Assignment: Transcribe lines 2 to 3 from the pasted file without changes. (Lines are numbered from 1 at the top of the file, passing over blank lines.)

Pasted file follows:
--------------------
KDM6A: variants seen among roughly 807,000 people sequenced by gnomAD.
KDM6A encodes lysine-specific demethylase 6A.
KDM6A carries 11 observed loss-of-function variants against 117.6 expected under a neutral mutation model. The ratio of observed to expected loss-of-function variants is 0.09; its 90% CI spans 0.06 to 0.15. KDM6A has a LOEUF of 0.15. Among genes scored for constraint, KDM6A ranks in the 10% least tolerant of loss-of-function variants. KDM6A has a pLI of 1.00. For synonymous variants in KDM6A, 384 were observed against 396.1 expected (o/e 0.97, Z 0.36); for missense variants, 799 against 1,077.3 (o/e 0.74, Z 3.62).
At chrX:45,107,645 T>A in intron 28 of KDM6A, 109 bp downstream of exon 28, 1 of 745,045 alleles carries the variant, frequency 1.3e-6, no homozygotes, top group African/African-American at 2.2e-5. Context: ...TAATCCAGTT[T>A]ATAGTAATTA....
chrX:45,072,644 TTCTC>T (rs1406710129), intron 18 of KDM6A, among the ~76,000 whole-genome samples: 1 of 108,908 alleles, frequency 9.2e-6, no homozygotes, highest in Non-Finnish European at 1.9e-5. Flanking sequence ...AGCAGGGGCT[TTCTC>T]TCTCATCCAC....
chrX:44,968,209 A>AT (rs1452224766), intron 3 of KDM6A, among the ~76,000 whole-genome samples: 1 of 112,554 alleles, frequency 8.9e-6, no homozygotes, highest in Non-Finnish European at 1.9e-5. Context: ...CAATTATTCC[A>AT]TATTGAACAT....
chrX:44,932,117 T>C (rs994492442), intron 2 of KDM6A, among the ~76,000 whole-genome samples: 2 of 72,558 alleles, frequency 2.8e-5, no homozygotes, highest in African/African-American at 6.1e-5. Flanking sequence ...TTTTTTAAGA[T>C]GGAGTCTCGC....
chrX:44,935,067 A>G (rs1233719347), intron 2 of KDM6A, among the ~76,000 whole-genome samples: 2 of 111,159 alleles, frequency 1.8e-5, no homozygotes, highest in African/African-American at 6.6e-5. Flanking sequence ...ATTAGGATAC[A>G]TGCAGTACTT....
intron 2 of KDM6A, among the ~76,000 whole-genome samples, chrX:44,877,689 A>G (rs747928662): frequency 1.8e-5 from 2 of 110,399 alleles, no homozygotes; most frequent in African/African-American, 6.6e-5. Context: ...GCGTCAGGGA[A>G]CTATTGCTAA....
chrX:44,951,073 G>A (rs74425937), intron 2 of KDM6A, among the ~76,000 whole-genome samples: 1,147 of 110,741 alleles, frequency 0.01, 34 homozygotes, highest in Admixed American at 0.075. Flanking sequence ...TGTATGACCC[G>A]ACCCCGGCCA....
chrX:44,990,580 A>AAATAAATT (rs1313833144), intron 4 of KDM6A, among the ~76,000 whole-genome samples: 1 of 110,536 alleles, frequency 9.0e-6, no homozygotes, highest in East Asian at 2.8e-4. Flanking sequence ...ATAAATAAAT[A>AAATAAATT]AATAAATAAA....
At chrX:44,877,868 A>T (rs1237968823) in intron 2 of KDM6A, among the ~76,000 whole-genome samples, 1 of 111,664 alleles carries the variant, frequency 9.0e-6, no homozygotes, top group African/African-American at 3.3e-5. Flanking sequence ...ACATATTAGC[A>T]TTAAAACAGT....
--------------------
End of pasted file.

KDM6A encodes lysine-specific demethylase 6A.
KDM6A carries 11 observed loss-of-function variants against 117.6 expected under a neutral mutation model. The ratio of observed to expected loss-of-function variants is 0.09; its 90% CI spans 0.06 to 0.15. KDM6A has a LOEUF of 0.15. Among genes scored for constraint, KDM6A ranks in the 10% least tolerant of loss-of-function variants. KDM6A has a pLI of 1.00. For synonymous variants in KDM6A, 384 were observed against 396.1 expected (o/e 0.97, Z 0.36); for missense variants, 799 against 1,077.3 (o/e 0.74, Z 3.62).